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Why does public speaking make us nervous?

19 Jul 2019 By Sam Carrington

Our fears of giving a talk are mostly irrational and can normally be overcome through the application of psychology, says Sam Carrington

In life, it’s always interesting hearing about fears and phobias that don’t apply to you. Understanding what makes our fellow humans tick is a genuine curiosity and just goes to emphasise how differently we’re all wired.

I’m always fascinated – and as a speaking coach, slightly relieved – at how high public speaking comes in people’s lists of least favourite things. Surveys have seen it beating things like breaking up with a long-term partner or the death of a loved one as a ‘biggest fear’. It’s a stat that has always amazed me; does it mean that if your boss asked “Could you say a few words to welcome the guests to the summer party?” you’d be thinking “Could you kill my aunt instead?”

The psychology of stand-up comedy has intrigued me since I did my first gig seven years ago. How rooms are controlled and manipulated by the comic, and the effect the performance has on them, are things I find genuinely interesting.

Having read some books and attended a few talks on subjects like evolutionary psychology, I’ve developed the following theory; public speaking fears derive from the pack mentality we’ve had hardwired into our DNA for thousands of years. When modern humans first migrated from Africa, we set up tribes, which weren’t just social groups but were central to our existence. Fierce weather, animals that were above us in the food chain and more – the world was a very dangerous place if you weren’t with your mates.

This mentality still exists today. Think of how topics trend on social media, how the next season’s fashions are pored over and reported around the world so we all dress the same, or the tribal nature of football fans. Being part of the gang is central to us as a species. I noticed when my nephew was a baby at a noisy family lunch, when someone would say something funny he’d laugh heartily. My sister and brother-in-law hadn’t trained him to laugh at jokes he obviously didn’t understand, it was just in his DNA to do it. You can think of evolutional psychology as hardwired survival tips, some of which you don’t need in 2019.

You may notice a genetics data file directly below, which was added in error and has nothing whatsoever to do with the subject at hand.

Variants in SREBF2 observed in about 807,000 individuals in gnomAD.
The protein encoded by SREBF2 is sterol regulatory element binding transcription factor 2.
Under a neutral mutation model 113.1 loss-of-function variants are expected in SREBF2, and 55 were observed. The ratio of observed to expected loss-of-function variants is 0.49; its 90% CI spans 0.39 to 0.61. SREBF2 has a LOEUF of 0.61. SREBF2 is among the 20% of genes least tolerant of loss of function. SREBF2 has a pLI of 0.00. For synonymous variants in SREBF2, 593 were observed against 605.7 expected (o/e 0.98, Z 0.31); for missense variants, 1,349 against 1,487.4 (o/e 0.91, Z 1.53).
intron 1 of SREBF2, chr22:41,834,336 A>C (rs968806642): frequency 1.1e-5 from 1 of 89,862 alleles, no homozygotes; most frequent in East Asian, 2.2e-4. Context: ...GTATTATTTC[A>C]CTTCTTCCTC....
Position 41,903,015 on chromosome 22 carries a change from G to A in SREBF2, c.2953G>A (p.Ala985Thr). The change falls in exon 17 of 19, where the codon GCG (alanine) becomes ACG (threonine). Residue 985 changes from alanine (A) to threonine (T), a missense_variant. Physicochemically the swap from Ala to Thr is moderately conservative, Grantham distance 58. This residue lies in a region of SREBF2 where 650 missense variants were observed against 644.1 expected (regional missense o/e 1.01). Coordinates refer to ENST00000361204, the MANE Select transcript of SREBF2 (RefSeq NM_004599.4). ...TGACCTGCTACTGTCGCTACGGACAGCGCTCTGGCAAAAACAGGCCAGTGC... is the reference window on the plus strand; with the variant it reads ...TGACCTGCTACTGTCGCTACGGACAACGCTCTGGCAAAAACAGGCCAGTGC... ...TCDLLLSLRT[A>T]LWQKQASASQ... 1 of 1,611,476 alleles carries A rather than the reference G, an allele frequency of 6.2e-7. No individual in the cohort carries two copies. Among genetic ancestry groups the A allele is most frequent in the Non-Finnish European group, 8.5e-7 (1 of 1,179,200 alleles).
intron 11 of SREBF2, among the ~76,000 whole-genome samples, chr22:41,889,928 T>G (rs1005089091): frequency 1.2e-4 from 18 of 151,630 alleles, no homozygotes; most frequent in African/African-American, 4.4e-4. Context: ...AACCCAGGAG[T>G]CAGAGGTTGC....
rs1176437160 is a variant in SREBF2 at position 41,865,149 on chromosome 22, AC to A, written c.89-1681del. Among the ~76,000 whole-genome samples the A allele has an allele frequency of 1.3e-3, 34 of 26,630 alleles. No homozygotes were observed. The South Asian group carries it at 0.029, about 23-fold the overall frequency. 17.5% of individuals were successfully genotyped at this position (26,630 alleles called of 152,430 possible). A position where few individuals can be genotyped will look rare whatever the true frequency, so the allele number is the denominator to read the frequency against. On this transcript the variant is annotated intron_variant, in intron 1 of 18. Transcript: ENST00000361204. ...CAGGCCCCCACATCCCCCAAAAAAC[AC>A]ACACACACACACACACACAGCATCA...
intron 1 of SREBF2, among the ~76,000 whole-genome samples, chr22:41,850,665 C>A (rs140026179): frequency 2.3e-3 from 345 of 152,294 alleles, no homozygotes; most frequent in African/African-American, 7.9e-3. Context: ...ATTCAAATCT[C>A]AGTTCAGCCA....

Comics are good public speakers as we’ve all performed a whole set without any laughs and lived to tell the tale. It’s very rare that a comic, through some masochistic urge, tries to fail, but it’s an unavoidable hazard of the job. From personal experience, you obviously don’t feel great about it, but you wake up the next day and the sun comes up on time, you still have a partner and somewhere to live, etc. This changes your perspective on speaking and makes you a better speaker. Comedians have all walked to the edge of the abyss, stared the devil deep in the eye and lived to tell the tale.

One of the workshops we enjoy conducting is to split people into groups and ask them to come up with a story about their worst experience of public speaking (we’ve had some crackers – lots at weddings, I notice). This not only serves to help break the ice and get everyone talking, but there’s also a serious point behind it that comes from the simple question of 'how bad was it?' A misjudged wedding speech might raise a few eyebrows, but unless someone really goes to town, you’re talking about something else within seconds of it finishing. Even if it’s a misjudged work speech that leads to your dismissal from the company, the chances of you dying are pretty slim in most cases, I think. To understand a fear is the first step to conquering it.

Sam Carrington is the founder of Smirk Experience

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